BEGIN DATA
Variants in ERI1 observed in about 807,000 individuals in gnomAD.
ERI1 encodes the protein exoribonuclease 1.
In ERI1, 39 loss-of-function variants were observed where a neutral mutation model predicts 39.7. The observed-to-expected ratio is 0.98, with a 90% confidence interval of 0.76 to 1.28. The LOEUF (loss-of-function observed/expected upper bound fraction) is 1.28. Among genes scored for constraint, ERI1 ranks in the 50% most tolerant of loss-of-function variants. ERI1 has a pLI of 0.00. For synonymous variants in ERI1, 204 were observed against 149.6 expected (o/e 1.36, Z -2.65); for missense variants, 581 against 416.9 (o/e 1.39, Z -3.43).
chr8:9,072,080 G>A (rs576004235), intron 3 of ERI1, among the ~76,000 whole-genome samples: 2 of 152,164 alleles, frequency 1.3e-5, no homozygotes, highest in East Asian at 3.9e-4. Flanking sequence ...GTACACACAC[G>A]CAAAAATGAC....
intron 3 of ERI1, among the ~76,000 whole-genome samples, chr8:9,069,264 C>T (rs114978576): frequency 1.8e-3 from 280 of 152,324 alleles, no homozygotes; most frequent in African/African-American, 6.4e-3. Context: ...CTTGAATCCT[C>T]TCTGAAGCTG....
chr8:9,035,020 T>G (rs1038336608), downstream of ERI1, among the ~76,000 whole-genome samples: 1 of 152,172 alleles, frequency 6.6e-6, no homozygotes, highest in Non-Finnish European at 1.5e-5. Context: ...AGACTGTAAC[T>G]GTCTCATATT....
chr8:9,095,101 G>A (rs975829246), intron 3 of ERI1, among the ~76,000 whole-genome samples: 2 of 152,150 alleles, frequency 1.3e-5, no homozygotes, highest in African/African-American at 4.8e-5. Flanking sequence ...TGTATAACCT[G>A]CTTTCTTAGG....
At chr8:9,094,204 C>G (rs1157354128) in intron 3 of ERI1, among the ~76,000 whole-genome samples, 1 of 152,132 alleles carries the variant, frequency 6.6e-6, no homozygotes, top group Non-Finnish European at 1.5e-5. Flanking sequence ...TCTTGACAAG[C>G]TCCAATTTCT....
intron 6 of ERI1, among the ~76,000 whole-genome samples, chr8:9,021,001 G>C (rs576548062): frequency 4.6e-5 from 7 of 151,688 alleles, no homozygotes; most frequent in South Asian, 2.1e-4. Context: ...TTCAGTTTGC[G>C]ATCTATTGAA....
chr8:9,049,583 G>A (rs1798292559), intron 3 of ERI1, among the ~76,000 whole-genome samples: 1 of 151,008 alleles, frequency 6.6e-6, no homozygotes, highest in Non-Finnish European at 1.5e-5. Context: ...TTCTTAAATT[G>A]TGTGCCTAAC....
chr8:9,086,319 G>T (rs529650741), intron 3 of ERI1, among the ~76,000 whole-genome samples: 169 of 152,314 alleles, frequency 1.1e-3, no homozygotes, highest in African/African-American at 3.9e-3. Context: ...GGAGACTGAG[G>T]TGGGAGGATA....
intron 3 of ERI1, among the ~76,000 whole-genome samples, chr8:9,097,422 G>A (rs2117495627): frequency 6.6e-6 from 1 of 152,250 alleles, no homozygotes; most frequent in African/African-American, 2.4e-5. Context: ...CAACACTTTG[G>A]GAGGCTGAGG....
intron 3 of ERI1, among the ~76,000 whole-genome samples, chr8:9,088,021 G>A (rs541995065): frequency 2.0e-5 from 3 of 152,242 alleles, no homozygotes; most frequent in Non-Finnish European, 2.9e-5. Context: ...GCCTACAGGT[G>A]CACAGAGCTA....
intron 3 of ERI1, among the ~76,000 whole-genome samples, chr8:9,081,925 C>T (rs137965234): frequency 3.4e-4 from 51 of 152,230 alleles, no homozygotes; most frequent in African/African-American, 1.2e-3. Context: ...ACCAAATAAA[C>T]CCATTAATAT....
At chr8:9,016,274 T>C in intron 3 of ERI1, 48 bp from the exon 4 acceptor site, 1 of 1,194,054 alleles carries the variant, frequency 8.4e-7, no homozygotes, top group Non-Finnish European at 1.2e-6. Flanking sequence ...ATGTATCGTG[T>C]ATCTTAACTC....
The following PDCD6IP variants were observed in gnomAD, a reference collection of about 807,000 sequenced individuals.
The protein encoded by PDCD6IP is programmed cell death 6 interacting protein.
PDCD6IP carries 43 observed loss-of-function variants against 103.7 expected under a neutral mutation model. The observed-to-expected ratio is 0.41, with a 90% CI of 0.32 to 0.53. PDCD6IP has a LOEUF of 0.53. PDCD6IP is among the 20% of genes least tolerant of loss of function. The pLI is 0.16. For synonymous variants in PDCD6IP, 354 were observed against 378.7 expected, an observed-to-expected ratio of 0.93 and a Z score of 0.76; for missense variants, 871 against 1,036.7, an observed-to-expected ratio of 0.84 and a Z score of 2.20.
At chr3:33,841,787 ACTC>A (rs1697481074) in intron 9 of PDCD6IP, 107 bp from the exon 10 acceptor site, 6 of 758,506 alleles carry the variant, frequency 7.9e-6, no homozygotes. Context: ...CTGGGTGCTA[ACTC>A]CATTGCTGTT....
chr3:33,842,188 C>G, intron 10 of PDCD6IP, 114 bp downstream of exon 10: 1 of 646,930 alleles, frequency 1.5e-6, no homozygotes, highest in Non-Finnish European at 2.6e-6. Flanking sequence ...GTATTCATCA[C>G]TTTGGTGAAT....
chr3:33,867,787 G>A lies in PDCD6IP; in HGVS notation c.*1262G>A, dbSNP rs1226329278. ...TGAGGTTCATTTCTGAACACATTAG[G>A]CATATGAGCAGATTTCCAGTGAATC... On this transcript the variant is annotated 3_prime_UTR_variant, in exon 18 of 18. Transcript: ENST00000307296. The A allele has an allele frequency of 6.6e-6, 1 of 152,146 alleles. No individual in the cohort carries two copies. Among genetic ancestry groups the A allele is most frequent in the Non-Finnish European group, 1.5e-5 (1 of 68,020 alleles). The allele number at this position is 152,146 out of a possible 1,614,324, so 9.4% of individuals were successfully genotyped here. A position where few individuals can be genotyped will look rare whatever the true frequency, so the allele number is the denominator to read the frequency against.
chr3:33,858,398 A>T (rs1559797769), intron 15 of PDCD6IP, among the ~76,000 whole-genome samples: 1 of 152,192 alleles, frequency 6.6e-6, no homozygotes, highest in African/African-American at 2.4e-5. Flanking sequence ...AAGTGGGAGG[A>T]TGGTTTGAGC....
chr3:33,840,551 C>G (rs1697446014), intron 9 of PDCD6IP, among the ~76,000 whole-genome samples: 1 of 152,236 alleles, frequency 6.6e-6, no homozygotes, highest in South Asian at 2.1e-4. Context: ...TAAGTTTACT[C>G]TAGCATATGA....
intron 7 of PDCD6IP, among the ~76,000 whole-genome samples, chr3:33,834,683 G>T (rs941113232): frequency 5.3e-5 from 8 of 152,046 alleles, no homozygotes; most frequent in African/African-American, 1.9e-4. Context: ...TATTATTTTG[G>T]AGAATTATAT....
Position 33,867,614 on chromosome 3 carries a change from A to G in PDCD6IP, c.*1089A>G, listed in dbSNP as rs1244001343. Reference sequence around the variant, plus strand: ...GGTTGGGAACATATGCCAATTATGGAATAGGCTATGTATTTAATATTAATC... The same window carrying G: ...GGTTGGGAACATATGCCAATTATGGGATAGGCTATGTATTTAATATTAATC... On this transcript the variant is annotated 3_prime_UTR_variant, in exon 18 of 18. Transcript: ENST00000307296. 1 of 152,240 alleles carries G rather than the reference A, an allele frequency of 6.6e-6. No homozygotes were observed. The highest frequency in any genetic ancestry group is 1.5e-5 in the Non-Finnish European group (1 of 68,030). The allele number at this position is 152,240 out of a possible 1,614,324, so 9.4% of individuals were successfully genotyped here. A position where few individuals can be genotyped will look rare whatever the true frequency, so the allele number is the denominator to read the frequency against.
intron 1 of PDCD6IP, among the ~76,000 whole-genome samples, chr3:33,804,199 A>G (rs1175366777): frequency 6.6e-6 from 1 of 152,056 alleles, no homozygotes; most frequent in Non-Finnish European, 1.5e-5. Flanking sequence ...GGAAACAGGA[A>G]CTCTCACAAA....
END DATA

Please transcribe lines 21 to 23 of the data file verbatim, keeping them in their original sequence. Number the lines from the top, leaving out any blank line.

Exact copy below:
chr3:33,867,787 G>A lies in PDCD6IP; in HGVS notation c.*1262G>A, dbSNP rs1226329278. ...TGAGGTTCATTTCTGAACACATTAG[G>A]CATATGAGCAGATTTCCAGTGAATC... On this transcript the variant is annotated 3_prime_UTR_variant, in exon 18 of 18. Transcript: ENST00000307296. The A allele has an allele frequency of 6.6e-6, 1 of 152,146 alleles. No individual in the cohort carries two copies. Among genetic ancestry groups the A allele is most frequent in the Non-Finnish European group, 1.5e-5 (1 of 68,020 alleles). The allele number at this position is 152,146 out of a possible 1,614,324, so 9.4% of individuals were successfully genotyped here. A position where few individuals can be genotyped will look rare whatever the true frequency, so the allele number is the denominator to read the frequency against.
chr3:33,858,398 A>T (rs1559797769), intron 15 of PDCD6IP, among the ~76,000 whole-genome samples: 1 of 152,192 alleles, frequency 6.6e-6, no homozygotes, highest in African/African-American at 2.4e-5. Flanking sequence ...AAGTGGGAGG[A>T]TGGTTTGAGC....
chr3:33,840,551 C>G (rs1697446014), intron 9 of PDCD6IP, among the ~76,000 whole-genome samples: 1 of 152,236 alleles, frequency 6.6e-6, no homozygotes, highest in South Asian at 2.1e-4. Context: ...TAAGTTTACT[C>G]TAGCATATGA....